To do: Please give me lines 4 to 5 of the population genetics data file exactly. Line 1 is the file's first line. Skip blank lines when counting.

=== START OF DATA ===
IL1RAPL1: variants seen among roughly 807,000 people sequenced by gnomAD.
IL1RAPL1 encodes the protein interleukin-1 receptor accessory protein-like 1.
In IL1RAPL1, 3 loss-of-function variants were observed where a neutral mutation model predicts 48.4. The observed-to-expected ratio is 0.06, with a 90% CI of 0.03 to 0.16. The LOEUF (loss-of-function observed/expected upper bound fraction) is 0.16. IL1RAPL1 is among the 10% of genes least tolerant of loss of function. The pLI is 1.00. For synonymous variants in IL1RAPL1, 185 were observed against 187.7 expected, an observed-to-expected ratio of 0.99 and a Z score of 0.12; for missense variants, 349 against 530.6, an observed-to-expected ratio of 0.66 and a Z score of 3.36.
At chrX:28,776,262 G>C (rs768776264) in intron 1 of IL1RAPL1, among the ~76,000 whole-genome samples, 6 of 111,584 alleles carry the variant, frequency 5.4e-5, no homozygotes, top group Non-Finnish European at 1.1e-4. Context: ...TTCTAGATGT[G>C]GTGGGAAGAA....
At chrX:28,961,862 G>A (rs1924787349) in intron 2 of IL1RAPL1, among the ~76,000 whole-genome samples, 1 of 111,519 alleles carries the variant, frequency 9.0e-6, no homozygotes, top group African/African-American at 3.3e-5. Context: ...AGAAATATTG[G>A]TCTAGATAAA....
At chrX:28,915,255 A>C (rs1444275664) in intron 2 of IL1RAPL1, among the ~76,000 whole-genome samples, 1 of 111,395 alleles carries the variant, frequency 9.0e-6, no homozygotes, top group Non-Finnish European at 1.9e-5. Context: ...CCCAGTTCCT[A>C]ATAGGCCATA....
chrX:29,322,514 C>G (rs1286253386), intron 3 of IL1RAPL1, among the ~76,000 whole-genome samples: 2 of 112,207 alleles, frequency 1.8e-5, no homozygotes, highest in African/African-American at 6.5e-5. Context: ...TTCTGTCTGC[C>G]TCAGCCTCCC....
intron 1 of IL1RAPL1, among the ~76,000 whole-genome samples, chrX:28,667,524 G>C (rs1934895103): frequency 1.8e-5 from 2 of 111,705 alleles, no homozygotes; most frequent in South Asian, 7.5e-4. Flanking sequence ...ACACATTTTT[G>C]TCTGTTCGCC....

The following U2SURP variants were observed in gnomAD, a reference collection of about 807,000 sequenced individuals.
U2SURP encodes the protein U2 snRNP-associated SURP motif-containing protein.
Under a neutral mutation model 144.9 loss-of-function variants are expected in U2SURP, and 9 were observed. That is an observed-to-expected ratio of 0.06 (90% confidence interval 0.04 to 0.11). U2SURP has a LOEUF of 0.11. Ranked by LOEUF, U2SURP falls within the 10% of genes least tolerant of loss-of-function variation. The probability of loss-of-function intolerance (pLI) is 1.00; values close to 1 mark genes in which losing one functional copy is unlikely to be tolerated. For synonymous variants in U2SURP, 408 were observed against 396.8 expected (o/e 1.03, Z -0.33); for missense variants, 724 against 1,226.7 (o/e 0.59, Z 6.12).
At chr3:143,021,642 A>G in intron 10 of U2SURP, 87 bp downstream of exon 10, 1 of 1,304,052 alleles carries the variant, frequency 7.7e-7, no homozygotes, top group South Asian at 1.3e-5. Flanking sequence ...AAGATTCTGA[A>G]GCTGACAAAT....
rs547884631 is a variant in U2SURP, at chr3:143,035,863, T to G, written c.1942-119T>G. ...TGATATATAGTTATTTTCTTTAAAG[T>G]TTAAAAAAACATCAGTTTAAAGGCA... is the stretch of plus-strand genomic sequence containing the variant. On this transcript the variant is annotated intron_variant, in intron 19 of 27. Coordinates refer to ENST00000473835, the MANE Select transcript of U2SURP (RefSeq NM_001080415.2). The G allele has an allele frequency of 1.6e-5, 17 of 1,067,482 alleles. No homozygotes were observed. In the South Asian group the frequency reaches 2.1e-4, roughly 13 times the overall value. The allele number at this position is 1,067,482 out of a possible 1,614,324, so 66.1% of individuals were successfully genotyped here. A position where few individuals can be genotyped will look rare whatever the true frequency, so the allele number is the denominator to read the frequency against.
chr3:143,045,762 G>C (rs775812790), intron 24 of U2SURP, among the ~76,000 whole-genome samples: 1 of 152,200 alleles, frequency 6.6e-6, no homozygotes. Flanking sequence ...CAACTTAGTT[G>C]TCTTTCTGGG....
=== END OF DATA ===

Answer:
At chrX:28,776,262 G>C (rs768776264) in intron 1 of IL1RAPL1, among the ~76,000 whole-genome samples, 6 of 111,584 alleles carry the variant, frequency 5.4e-5, no homozygotes, top group Non-Finnish European at 1.1e-4. Context: ...TTCTAGATGT[G>C]GTGGGAAGAA....
At chrX:28,961,862 G>A (rs1924787349) in intron 2 of IL1RAPL1, among the ~76,000 whole-genome samples, 1 of 111,519 alleles carries the variant, frequency 9.0e-6, no homozygotes, top group African/African-American at 3.3e-5. Context: ...AGAAATATTG[G>A]TCTAGATAAA....